Tanavalee, Chotetawan; Luksanapruksa, Panya; Singhatanadgige, Weerasak
2016-06-01
Microsoft Excel (MS Excel) is a commonly used program for data collection and statistical analysis in biomedical research. However, this program has many limitations, including fewer functions that can be used for analysis and a limited number of total cells compared with dedicated statistical programs. MS Excel cannot complete analyses with blank cells, and cells must be selected manually for analysis. In addition, it requires multiple steps of data transformation and formulas to plot survival analysis graphs, among others. The Megastat add-on program, which will be supported by MS Excel 2016 soon, would eliminate some limitations of using statistic formulas within MS Excel. PMID:27135620
Diagnostic rhyme test statistical analysis programs
NASA Astrophysics Data System (ADS)
Sim, A.; Bain, R.; Belyavin, A. J.; Pratt, R. L.
1991-08-01
The statistical techniques and associated computer programs used to analyze data from Diagnostic Rhyme Test (DRT) are described. The DRT is used extensively for assessing the intelligibility of military communications systems and became an accepted NATO standard for testing linear predictive coders. The DRT vocabulary comprises ninety six minimally contrasting rhyming word pairs, the initial consonants of which differ only by a single acoustic feature, or attribute. There are six such attributes: voicing, nasality, sustention, silibation, graveness, and compactness. The attribute voicing is present when the vocal cords are excited: in the word pair 'veal-feel', the consonant 'v' is voiced, but the constant 'f' is unvoiced. The procedure for the implementation of the DRT is presented. To ensure the stability of the results, tests using not less than eight talkers and eight listeners are conducted.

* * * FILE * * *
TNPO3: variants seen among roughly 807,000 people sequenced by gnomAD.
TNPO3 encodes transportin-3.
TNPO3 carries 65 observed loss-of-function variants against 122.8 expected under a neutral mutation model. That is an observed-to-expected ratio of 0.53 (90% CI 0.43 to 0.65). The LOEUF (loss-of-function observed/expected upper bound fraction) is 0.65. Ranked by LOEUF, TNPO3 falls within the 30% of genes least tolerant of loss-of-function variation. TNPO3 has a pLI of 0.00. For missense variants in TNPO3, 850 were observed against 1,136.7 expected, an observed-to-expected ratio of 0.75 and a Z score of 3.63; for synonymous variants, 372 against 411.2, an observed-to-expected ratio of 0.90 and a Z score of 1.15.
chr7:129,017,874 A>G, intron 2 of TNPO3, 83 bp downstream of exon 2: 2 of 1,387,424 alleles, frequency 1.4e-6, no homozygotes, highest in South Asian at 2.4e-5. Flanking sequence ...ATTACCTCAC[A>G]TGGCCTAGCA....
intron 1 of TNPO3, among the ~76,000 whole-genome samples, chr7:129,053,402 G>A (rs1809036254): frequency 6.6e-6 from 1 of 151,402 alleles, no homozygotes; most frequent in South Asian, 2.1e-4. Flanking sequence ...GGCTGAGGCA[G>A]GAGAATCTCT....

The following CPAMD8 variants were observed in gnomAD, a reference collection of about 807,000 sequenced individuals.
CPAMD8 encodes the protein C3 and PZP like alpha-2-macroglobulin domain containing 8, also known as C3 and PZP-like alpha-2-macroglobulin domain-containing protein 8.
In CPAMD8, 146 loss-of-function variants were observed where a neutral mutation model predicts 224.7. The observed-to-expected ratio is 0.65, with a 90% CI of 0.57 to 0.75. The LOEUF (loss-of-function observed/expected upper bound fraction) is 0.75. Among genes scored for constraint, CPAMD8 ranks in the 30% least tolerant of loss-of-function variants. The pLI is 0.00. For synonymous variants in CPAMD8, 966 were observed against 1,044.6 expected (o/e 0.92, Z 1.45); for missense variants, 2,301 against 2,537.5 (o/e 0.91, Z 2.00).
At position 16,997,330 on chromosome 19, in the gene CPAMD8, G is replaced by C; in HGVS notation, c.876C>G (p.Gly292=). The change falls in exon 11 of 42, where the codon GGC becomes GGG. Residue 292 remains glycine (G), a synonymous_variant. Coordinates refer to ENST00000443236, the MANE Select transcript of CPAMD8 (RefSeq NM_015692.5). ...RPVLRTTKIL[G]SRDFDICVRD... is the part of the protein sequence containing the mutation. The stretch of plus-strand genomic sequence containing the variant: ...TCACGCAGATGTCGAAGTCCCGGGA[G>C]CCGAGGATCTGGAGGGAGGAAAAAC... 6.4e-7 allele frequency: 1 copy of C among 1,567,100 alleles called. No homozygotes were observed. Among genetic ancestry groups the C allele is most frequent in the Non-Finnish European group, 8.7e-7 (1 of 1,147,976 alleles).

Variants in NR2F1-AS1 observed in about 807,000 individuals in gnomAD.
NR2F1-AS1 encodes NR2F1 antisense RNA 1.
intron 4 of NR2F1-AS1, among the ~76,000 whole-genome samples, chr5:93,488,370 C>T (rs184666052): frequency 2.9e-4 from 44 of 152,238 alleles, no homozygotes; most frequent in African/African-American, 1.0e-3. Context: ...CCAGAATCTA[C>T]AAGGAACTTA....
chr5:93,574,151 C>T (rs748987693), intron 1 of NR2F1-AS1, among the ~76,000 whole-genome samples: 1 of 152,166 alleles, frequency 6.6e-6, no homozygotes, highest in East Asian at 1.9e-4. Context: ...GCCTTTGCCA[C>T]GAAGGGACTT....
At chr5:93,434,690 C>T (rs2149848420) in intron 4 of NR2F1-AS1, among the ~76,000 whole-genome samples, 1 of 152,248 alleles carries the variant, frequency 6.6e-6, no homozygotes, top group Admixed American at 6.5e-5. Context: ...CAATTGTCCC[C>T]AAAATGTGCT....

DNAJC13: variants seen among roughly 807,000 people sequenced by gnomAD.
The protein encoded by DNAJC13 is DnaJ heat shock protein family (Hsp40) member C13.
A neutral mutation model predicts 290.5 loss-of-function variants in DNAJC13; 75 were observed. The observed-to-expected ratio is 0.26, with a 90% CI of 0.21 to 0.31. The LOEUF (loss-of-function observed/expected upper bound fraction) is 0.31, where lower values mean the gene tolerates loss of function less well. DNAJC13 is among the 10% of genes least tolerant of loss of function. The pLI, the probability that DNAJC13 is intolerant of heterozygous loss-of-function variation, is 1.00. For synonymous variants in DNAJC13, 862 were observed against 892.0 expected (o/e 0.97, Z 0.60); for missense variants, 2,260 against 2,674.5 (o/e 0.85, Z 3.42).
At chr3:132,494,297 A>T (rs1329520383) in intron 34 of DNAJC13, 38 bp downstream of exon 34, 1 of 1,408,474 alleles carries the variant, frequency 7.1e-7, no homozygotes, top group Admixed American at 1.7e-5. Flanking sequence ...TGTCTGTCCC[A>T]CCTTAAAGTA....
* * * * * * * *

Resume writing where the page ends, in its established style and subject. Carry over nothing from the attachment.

Statistics over features: EEG signals analysis.
Derya Ubeyli, Elif
2009-08-01
This paper presented the usage of statistics over the set of the features representing the electroencephalogram (EEG) signals. Since classification is more accurate when the pattern is simplified through representation by important features, feature extraction and selection play an important role in classifying systems such as neural networks. Multilayer perceptron neural network (MLPNN) architectures were formulated and used as basis for detection of electroencephalographic changes. Three types of EEG signals (EEG signals recorded from healthy volunteers with eyes open, epilepsy patients in the epileptogenic zone during a seizure-free interval, and epilepsy patients during epileptic seizures) were classified. The selected Lyapunov exponents, wavelet coefficients and the power levels of power spectral density (PSD) values obtained by eigenvector methods of the EEG signals were used as inputs of the MLPNN trained with Levenberg-Marquardt algorithm. The classification results confirmed that the proposed MLPNN has potential in detecting the electroencephalographic changes. PMID:19555931